Instead, Microsoft has developed an operating concept with the user’s hands. A logical step in retrospect! With the development of the Microsoft Kinect, many years of experience have been gathered in the field of tracking hands or faces by cameras and sensors. But what’s the point?
If you look at the display and the presentation of content, it quickly becomes clear why this type of interaction was used. Applications are not displayed on a flat, floating screen, but can be placed in the real room. This means that the “virtual workstation” is not limited to a floating, rectangular display – but rather to the real environment of the user – a much larger workspace.
The HoloLens scans the environment to detect for example a table or a wall and then place 3D objects correctly over it. In addition, information can be more clearly associated with a real object such as a machine. Instead of the monitor next to it or a display in previous smart glasses, information such as temperature or payload can be displayed in real time in conjunction with an integrated application directly at the point of interest, in other words on the machine or a part of it.
This is the first time that the user has a significantly stronger relationship to his environment than with Google Glass, for example. The last one was and is to be described as a smartphone that floats at a fixed point in front of the user’s eye – the HoloLens, on the other hand, places digital information in a room.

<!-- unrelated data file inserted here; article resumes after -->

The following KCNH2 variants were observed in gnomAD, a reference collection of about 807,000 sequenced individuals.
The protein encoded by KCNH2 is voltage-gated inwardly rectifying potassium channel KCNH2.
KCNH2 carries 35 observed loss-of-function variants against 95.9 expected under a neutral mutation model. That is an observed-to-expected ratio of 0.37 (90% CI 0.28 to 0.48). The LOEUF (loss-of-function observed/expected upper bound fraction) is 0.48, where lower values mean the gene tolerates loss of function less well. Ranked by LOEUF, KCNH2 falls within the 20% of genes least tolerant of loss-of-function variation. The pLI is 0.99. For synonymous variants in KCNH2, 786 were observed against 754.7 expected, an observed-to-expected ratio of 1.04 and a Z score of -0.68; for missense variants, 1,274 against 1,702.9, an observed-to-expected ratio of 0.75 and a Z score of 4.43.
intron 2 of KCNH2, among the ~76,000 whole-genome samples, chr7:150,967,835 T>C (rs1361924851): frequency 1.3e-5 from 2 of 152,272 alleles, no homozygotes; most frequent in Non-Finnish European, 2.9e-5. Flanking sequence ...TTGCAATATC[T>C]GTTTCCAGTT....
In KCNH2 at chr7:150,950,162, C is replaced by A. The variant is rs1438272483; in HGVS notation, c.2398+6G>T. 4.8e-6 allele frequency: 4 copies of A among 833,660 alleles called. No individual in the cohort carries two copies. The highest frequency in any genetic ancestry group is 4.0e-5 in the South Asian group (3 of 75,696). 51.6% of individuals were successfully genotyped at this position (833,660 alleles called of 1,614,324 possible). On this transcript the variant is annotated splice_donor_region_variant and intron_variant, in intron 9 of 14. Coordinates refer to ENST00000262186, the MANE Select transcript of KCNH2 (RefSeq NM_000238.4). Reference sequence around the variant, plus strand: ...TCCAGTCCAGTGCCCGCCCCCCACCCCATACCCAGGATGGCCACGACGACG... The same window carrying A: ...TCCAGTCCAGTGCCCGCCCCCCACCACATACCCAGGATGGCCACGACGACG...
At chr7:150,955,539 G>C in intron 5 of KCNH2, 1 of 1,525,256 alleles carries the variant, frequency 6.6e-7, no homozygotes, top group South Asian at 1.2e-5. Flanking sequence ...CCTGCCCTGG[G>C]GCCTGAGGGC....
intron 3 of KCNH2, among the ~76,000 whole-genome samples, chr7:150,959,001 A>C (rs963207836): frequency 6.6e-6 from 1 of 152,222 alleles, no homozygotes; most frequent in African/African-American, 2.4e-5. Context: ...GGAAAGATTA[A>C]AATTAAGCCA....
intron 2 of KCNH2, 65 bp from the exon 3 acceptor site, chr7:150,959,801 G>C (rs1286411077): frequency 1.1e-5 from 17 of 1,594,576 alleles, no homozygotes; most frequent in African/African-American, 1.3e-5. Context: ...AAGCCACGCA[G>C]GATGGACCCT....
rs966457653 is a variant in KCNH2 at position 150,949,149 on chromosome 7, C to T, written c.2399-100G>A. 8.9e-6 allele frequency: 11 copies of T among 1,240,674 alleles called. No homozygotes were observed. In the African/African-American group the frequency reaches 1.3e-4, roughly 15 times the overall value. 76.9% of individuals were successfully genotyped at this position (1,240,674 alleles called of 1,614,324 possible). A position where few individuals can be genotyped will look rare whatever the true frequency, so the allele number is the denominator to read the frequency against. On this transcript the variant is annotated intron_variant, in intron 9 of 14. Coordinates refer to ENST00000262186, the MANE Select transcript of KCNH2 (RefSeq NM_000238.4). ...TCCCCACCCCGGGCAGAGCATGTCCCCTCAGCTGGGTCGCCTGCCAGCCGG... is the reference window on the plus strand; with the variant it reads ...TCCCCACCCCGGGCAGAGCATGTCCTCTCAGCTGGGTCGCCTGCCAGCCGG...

Beispiel der Handhabung von 3D Objekten im echten Raum
Augmented Reality is a major factor
Thus, Microsoft uses “native” augmented reality technology to display and use information, applications and elements. Microsoft uses the word Mixed Reality as a differentiation from the previous methods of Augmented Reality.
What makes the difference? Well, even at iTiZZiMO we brought augmented reality content to smartglasses from Vuzix, Google and ODG many years ago. However, by a decisive detour: With the integrated camera, we took a picture of the environment and then used an integrated software algorithm to lay 3D elements over the displayed camera image, which was then played back on the display. Not only the so-called “immersion” failed to materialize. Also the display of most devices is too small to display 3D environments correctly and understandably.